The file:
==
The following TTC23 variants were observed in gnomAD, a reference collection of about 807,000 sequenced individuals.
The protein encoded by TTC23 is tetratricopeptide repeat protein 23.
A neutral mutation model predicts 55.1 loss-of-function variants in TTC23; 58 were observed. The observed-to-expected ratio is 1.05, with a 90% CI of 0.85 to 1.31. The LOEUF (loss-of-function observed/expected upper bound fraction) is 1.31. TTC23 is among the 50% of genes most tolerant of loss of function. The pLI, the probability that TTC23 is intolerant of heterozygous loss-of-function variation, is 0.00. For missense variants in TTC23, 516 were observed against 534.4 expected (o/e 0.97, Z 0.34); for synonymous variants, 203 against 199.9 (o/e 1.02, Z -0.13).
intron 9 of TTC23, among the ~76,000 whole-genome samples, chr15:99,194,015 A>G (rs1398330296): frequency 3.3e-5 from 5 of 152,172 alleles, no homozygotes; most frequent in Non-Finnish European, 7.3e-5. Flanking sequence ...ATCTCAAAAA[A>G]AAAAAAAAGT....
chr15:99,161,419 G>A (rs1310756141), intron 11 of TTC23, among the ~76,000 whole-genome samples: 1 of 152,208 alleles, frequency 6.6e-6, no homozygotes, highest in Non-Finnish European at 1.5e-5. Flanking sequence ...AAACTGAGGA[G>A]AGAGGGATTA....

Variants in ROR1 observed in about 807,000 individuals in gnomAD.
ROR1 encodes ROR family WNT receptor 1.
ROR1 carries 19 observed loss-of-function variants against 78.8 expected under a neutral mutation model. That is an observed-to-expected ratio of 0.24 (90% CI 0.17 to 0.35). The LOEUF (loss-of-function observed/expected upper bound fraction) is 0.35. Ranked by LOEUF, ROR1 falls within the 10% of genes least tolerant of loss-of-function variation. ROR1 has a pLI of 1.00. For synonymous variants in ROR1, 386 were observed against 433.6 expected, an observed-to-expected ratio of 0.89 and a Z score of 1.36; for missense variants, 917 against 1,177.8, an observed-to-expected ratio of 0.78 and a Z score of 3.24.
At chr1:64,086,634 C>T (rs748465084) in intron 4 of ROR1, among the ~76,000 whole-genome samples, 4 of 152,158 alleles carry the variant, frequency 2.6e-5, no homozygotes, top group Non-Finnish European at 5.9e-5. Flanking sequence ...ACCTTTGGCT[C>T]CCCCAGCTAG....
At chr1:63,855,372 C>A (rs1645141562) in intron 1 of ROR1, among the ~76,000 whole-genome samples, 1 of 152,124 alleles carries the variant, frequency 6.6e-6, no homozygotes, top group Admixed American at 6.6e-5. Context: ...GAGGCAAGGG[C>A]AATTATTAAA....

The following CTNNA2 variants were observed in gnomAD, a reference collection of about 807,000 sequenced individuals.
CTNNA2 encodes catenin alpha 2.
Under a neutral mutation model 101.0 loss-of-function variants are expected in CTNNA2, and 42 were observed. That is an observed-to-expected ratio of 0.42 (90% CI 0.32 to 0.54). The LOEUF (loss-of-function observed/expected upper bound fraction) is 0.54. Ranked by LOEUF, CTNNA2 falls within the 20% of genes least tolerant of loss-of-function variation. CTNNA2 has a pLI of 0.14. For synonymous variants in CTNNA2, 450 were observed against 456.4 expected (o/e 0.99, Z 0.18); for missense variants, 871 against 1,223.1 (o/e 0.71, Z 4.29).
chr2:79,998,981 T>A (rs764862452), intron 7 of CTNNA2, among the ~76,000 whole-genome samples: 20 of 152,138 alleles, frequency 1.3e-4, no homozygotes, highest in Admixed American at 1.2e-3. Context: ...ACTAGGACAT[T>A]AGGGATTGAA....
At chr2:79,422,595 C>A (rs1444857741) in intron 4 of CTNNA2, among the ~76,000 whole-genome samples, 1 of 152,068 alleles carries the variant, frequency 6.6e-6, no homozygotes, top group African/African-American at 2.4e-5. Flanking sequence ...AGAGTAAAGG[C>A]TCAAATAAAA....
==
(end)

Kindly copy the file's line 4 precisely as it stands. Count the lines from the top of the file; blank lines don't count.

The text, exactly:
intron 9 of TTC23, among the ~76,000 whole-genome samples, chr15:99,194,015 A>G (rs1398330296): frequency 3.3e-5 from 5 of 152,172 alleles, no homozygotes; most frequent in Non-Finnish European, 7.3e-5. Flanking sequence ...ATCTCAAAAA[A>G]AAAAAAAAGT....